For sicker or for poorer: When Lewy Body’s breaks a wife’s heart and her bank book
Beth Taylor’s caregiving story is not so unusual. But in 2007, Steve began showing symptoms that Beth believed to be Alzheimer’s Disease. Steve said it was just old age. it was Lewy Body
By David Heitz
Beth Taylor’s caregiving story is not so unusual.
Beth was introduced to her husband Steve on America Online in fall 1996. They met in person one year later. They married in 1998.
But in 2007, Steve began showing symptoms that Beth believed to be Alzheimer’s Disease. Steve said it was just old age.
“One symptom that really scared me was a sudden drop in his blood pressure,” Beth told Caregiver Relief. “After spending three days in the hospital he was sent to rehab. It was during this stay that his neurologist diagnosed him with Lewy Body Dementia.”
Much like Pick’s Disease… or behavioral-variant frontotemporal degeneration… which is what my dad had… Lewy’s Body Dementia eventually exhibits symptoms that can be completely overwhelming to a caregiver… in the later stages.
“What a horrible disease that is,” Beth told Caregiver Relief. “Sudden blood pressure drops
Cognitive swings in and out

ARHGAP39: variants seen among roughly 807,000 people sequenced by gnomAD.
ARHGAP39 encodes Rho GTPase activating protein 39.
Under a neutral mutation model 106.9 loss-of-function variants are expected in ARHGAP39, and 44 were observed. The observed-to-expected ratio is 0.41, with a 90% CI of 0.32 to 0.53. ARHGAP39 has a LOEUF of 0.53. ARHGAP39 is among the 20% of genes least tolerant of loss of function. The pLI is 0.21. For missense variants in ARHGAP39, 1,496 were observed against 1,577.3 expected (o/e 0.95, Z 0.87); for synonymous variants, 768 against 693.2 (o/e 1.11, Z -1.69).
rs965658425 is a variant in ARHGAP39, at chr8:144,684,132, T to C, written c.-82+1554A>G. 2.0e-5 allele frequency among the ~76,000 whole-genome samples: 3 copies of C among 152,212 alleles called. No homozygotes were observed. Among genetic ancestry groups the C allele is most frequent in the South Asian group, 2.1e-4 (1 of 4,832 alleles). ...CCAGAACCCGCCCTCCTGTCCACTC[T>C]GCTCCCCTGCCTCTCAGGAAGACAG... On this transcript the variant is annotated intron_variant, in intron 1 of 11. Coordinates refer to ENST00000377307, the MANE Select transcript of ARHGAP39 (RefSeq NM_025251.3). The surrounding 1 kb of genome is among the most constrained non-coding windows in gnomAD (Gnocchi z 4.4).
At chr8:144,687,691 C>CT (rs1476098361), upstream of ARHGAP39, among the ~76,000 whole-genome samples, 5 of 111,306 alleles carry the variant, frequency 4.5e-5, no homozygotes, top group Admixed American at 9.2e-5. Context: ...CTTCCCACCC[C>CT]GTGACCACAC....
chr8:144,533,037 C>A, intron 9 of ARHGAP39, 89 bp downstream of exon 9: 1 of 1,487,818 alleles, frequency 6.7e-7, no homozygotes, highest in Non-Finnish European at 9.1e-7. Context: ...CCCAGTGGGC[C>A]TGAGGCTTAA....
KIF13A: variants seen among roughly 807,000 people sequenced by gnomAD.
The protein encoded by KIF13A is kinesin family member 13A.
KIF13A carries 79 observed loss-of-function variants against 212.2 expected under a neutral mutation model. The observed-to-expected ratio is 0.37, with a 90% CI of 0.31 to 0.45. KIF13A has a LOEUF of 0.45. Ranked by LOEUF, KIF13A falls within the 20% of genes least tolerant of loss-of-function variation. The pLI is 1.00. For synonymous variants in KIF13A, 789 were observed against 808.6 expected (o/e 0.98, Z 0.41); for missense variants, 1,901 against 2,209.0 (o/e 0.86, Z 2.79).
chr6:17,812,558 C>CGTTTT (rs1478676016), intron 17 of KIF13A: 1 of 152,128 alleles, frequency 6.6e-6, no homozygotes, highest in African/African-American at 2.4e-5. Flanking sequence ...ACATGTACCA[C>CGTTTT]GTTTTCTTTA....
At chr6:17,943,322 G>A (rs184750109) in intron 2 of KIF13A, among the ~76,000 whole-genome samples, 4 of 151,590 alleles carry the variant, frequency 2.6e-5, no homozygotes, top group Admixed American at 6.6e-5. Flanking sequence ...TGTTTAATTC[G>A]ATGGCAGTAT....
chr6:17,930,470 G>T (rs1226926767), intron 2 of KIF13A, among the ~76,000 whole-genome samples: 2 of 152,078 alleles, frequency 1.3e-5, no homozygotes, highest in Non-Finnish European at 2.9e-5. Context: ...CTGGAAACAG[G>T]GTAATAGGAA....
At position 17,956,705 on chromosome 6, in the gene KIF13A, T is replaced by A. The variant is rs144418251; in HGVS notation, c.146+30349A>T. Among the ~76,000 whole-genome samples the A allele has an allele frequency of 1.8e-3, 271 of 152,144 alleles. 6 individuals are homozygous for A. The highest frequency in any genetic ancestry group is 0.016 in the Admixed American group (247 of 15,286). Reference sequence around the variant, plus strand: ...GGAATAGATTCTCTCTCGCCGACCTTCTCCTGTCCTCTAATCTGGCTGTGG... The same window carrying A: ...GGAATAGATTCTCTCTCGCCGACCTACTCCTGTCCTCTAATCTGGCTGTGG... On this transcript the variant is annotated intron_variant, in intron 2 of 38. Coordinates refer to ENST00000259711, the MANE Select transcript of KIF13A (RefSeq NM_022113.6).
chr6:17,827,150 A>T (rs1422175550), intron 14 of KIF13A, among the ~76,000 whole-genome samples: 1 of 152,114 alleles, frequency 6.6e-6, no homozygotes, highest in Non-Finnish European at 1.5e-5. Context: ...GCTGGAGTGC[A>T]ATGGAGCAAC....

An inability to put cognitive thoughts and words together to have meaningful conversations.
Short-term memory problems are what he experienced.
This as my heart broke over and over and over again watching it happen. I took care of him 24/7.”
While Beth says she does not regret doing so. You can imagine, how respite care like that provided by InTouch Adult Care Center is necessary. Originally set to be shuttered soon… in my community due to $6 million in tardy Medicaid payments by the state of Illinois. Programs like these could have given her a reprieve. Now the service has been rescued by the for-profit agency Help at Home.
“This man was my best friend… my cheerleader… my confidant… my comforter, and most importantly, the love of my life,” Beth told Caregiver Relief.
The picture shown here was taken Aug. 3, 2012, “a really good day for us,” Beth said. “Steve was very, very alert. Like he was before he was diagnosed with Lewy Body Dementia (funny, kind, loving, and very talkative). Trust me, we milked this day for all it was worth.”